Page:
A Childhood Classic Comes to the Screen

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Maya Barany, Writer

An eighties classic and universal source of childhood trauma, the movie adaptation of Alvin Schwartz’s Scary Stories to Tell in the Dark anthology was released this August this year. Originally a controversial campfire tale, this movie stays true to the infamous illustrations and short stories. Director Andre Overdal and writer Dan Hageman turned this into a new fall must-see. 

Traditional horror movie viewers might be skeptical of a faux nostalgic film made in 2019, however the time period was done well and stayed within the source material’s setting of farms and a small Pennsylvania town.  Nods to the late sixties were dispersed with imagery of Nixon, the Vietnam war, and some iconic hair and costumes that built a somewhat believable atmosphere. 

In the film, teen characters Stella (Zoe Colletti), Ramon (Micheal Garza), and Auggie (Gabriel Rush) go through the book’s original scares. However, the plot centers around a new villain, Sarah Bellows. When the group discovers the girl’s tragic past and book of handwritten stories,  the ghost of Sarah Bellows turned darker, turning the old stories and illustrations from “Harold,” “The Big Toe,” and “The Red Spot,” into reality.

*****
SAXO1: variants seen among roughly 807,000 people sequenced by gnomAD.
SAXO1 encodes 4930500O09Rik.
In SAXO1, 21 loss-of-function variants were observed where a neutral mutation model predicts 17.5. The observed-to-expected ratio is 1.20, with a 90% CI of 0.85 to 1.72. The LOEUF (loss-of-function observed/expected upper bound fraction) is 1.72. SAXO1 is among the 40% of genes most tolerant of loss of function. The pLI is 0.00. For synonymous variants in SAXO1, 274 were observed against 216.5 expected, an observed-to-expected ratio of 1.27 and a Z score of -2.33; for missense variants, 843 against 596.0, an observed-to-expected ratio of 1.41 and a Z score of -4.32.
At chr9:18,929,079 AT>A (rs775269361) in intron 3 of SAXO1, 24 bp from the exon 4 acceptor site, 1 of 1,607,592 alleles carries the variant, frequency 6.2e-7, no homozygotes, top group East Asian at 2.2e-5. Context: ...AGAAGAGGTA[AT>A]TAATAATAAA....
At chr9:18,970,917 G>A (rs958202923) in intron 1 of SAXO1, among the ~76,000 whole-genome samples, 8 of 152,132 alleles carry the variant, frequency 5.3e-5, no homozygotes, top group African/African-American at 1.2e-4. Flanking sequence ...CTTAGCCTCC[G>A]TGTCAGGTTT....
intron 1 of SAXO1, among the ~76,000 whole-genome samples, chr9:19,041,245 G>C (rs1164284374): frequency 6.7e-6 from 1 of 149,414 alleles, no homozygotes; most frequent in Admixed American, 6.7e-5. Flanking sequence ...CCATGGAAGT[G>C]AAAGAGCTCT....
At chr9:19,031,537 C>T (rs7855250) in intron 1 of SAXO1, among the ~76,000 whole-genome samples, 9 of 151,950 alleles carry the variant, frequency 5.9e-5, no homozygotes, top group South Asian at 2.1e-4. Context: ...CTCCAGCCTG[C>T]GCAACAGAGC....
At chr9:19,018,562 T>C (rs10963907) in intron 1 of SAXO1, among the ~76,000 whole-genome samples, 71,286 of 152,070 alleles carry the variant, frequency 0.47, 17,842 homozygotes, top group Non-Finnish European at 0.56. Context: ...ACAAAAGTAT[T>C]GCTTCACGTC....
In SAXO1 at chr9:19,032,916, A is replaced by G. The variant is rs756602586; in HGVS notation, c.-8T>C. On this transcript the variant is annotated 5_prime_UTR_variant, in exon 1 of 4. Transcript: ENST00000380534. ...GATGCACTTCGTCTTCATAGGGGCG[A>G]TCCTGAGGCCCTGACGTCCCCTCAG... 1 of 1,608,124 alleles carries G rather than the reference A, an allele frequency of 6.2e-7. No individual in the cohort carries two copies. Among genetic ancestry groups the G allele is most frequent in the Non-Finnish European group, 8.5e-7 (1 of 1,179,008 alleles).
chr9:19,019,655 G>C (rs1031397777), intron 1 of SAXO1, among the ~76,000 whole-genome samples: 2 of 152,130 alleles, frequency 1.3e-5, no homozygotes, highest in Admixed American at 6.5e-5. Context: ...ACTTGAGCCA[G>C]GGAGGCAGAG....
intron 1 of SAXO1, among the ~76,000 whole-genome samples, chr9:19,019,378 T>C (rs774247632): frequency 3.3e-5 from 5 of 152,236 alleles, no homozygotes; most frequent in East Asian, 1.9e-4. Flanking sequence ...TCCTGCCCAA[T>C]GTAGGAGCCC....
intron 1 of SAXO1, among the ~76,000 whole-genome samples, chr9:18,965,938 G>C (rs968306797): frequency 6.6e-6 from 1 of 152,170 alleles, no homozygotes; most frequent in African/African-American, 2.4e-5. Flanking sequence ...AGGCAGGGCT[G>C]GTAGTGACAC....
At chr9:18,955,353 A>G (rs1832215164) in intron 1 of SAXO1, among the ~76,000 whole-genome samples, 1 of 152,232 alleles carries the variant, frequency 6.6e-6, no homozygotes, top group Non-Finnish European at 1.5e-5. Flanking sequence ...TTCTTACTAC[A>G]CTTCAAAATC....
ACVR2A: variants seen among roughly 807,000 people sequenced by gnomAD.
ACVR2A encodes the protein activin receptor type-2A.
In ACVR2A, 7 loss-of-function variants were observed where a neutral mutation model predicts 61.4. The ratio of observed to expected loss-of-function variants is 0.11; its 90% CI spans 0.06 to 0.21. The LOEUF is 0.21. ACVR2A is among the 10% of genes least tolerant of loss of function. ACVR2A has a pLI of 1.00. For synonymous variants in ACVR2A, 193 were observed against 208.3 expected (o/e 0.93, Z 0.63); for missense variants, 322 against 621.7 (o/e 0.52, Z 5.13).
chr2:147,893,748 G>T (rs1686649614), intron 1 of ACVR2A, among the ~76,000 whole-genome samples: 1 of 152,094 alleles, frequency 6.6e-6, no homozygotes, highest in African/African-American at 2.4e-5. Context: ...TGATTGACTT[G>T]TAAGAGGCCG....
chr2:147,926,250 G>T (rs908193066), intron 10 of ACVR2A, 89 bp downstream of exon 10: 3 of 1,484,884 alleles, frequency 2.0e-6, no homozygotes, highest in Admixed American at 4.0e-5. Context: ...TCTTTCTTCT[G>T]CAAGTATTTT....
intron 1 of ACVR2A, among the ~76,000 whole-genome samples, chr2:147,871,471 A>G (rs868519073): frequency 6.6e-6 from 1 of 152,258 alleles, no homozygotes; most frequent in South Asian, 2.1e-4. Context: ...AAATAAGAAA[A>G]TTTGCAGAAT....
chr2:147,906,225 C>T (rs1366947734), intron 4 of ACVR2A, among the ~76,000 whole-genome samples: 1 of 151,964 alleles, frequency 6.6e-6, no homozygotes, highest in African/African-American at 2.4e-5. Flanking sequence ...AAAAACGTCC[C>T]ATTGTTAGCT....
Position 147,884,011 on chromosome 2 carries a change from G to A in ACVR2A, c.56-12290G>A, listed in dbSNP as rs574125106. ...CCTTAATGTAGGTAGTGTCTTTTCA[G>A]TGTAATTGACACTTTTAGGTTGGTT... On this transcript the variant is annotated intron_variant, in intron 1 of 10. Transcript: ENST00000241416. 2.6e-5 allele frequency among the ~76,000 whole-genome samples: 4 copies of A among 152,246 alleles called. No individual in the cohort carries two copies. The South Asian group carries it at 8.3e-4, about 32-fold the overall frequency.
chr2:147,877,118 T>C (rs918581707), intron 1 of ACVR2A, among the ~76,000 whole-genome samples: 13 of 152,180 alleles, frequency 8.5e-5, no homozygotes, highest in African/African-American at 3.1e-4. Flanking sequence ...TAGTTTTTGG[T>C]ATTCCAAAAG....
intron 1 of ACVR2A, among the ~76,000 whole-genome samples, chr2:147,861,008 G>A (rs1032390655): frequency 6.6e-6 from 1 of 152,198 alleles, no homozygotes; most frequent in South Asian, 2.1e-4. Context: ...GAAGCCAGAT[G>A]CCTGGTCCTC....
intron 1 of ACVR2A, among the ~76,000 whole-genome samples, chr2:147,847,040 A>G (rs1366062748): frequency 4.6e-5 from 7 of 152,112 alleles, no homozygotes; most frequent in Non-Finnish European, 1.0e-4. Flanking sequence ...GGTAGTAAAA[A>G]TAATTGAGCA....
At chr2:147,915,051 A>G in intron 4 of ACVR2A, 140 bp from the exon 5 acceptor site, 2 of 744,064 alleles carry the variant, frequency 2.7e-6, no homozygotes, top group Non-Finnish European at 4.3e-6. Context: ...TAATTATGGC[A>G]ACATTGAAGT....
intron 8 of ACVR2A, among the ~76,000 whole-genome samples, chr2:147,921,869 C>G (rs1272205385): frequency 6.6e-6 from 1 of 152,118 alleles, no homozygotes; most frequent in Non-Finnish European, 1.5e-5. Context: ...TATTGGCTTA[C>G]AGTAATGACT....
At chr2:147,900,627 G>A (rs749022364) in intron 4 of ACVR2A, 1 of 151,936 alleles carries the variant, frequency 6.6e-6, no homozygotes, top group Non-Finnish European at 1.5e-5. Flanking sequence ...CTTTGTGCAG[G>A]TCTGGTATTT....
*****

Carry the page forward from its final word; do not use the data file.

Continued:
In the more sluggish middle half of the movie, there is minimal buildup and too much filler for a true horror film. With brief moments of terror and some good acting, the movie is stays alive by a thread into the more active ending, when more gross and shocking monsters are released into the town. Considering the PG-13 rating, the scares did well enough for the audience and fans expectations. 

Released in 1981, Scary Stories to Tell in the Dark was once a millennial childhood classic, now it has inspired a movie perfect for a fall night in. Appropriate for anyone from children to original horror fans, this easygoing popcorn film is definitely worth watching.

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